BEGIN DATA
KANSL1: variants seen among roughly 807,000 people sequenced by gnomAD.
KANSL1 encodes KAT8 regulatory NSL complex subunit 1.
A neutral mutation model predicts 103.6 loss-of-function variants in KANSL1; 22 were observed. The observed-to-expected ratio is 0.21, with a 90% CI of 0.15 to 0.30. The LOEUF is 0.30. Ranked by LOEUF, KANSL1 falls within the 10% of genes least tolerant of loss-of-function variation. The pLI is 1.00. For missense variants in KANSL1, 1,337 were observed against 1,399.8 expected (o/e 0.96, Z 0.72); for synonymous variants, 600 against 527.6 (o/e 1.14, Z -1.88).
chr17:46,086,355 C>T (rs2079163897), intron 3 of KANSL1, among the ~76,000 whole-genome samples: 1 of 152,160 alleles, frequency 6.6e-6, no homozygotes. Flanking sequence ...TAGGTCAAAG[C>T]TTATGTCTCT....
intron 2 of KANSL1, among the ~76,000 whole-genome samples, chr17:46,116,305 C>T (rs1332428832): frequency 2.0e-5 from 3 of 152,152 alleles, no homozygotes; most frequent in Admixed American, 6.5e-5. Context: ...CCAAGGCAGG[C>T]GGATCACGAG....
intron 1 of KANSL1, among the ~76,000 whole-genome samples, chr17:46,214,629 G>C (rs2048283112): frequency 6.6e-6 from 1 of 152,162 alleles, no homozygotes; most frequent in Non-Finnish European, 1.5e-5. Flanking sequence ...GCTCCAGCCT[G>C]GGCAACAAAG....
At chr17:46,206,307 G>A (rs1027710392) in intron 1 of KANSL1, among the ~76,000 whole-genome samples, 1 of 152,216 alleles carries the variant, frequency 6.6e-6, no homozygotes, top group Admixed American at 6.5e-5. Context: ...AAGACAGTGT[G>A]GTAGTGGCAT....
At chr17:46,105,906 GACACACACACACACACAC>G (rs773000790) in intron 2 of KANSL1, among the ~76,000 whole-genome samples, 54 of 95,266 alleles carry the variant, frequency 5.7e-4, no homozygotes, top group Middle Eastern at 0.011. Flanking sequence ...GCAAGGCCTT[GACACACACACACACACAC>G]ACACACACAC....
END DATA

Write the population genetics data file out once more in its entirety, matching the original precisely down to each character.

KANSL1: variants seen among roughly 807,000 people sequenced by gnomAD.
KANSL1 encodes KAT8 regulatory NSL complex subunit 1.
A neutral mutation model predicts 103.6 loss-of-function variants in KANSL1; 22 were observed. The observed-to-expected ratio is 0.21, with a 90% CI of 0.15 to 0.30. The LOEUF is 0.30. Ranked by LOEUF, KANSL1 falls within the 10% of genes least tolerant of loss-of-function variation. The pLI is 1.00. For missense variants in KANSL1, 1,337 were observed against 1,399.8 expected (o/e 0.96, Z 0.72); for synonymous variants, 600 against 527.6 (o/e 1.14, Z -1.88).
chr17:46,086,355 C>T (rs2079163897), intron 3 of KANSL1, among the ~76,000 whole-genome samples: 1 of 152,160 alleles, frequency 6.6e-6, no homozygotes. Flanking sequence ...TAGGTCAAAG[C>T]TTATGTCTCT....
intron 2 of KANSL1, among the ~76,000 whole-genome samples, chr17:46,116,305 C>T (rs1332428832): frequency 2.0e-5 from 3 of 152,152 alleles, no homozygotes; most frequent in Admixed American, 6.5e-5. Context: ...CCAAGGCAGG[C>T]GGATCACGAG....
intron 1 of KANSL1, among the ~76,000 whole-genome samples, chr17:46,214,629 G>C (rs2048283112): frequency 6.6e-6 from 1 of 152,162 alleles, no homozygotes; most frequent in Non-Finnish European, 1.5e-5. Flanking sequence ...GCTCCAGCCT[G>C]GGCAACAAAG....
At chr17:46,206,307 G>A (rs1027710392) in intron 1 of KANSL1, among the ~76,000 whole-genome samples, 1 of 152,216 alleles carries the variant, frequency 6.6e-6, no homozygotes, top group Admixed American at 6.5e-5. Context: ...AAGACAGTGT[G>A]GTAGTGGCAT....
At chr17:46,105,906 GACACACACACACACACAC>G (rs773000790) in intron 2 of KANSL1, among the ~76,000 whole-genome samples, 54 of 95,266 alleles carry the variant, frequency 5.7e-4, no homozygotes, top group Middle Eastern at 0.011. Flanking sequence ...GCAAGGCCTT[GACACACACACACACACAC>G]ACACACACAC....